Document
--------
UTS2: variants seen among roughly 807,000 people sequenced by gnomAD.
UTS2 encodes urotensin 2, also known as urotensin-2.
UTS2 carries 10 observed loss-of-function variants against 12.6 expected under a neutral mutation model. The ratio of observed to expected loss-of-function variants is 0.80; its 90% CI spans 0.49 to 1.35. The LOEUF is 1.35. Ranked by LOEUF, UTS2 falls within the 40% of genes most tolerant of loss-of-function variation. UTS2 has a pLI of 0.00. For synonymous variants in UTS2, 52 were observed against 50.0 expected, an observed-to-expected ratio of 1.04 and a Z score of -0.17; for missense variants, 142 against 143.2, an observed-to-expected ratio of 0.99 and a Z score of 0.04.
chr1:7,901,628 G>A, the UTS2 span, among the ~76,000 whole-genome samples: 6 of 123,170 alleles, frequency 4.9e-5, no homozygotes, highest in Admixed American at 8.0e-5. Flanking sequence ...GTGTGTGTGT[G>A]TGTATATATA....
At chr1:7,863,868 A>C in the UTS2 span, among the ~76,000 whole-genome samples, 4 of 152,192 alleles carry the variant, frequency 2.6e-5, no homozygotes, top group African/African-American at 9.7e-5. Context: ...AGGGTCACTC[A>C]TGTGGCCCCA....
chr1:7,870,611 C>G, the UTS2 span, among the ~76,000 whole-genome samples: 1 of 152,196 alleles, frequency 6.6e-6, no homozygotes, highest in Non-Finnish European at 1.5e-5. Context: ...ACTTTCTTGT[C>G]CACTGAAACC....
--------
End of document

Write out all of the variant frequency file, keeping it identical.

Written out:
UTS2: variants seen among roughly 807,000 people sequenced by gnomAD.
UTS2 encodes urotensin 2, also known as urotensin-2.
UTS2 carries 10 observed loss-of-function variants against 12.6 expected under a neutral mutation model. The ratio of observed to expected loss-of-function variants is 0.80; its 90% CI spans 0.49 to 1.35. The LOEUF is 1.35. Ranked by LOEUF, UTS2 falls within the 40% of genes most tolerant of loss-of-function variation. UTS2 has a pLI of 0.00. For synonymous variants in UTS2, 52 were observed against 50.0 expected, an observed-to-expected ratio of 1.04 and a Z score of -0.17; for missense variants, 142 against 143.2, an observed-to-expected ratio of 0.99 and a Z score of 0.04.
chr1:7,901,628 G>A, the UTS2 span, among the ~76,000 whole-genome samples: 6 of 123,170 alleles, frequency 4.9e-5, no homozygotes, highest in Admixed American at 8.0e-5. Flanking sequence ...GTGTGTGTGT[G>A]TGTATATATA....
At chr1:7,863,868 A>C in the UTS2 span, among the ~76,000 whole-genome samples, 4 of 152,192 alleles carry the variant, frequency 2.6e-5, no homozygotes, top group African/African-American at 9.7e-5. Context: ...AGGGTCACTC[A>C]TGTGGCCCCA....
chr1:7,870,611 C>G, the UTS2 span, among the ~76,000 whole-genome samples: 1 of 152,196 alleles, frequency 6.6e-6, no homozygotes, highest in Non-Finnish European at 1.5e-5. Context: ...ACTTTCTTGT[C>G]CACTGAAACC....